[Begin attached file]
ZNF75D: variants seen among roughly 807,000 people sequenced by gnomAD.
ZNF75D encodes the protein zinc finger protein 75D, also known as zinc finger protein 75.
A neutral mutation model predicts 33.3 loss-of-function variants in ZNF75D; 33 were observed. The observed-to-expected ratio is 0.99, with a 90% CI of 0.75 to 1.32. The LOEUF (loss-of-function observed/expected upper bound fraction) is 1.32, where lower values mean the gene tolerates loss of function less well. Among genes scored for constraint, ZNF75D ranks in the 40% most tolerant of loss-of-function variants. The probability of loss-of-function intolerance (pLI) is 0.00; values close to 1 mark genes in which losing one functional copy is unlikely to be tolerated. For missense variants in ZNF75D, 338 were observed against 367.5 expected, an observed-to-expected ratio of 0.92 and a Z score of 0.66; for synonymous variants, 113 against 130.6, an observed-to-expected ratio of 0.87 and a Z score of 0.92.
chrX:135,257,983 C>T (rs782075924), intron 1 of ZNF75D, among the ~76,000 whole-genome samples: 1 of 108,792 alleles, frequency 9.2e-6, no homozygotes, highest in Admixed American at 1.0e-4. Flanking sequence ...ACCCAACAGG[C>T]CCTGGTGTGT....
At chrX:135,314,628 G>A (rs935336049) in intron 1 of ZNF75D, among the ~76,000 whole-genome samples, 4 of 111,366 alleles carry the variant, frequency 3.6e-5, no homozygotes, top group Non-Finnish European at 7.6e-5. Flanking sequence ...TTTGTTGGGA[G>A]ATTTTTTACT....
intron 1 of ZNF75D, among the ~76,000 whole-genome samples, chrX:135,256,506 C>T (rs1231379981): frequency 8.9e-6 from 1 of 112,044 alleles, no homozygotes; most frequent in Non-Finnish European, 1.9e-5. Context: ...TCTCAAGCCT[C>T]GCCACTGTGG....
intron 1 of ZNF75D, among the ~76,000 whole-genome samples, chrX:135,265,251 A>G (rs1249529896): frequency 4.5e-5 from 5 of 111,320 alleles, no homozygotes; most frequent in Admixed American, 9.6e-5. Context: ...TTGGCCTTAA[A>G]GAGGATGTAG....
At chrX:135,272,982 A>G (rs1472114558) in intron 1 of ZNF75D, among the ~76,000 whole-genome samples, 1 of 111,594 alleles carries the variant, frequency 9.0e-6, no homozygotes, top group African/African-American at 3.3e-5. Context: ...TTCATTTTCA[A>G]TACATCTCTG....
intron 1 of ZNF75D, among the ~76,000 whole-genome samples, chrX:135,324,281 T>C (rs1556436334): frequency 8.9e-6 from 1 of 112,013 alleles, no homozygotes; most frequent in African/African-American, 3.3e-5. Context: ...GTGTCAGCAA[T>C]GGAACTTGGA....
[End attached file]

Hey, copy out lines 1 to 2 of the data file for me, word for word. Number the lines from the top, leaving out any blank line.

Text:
ZNF75D: variants seen among roughly 807,000 people sequenced by gnomAD.
ZNF75D encodes the protein zinc finger protein 75D, also known as zinc finger protein 75.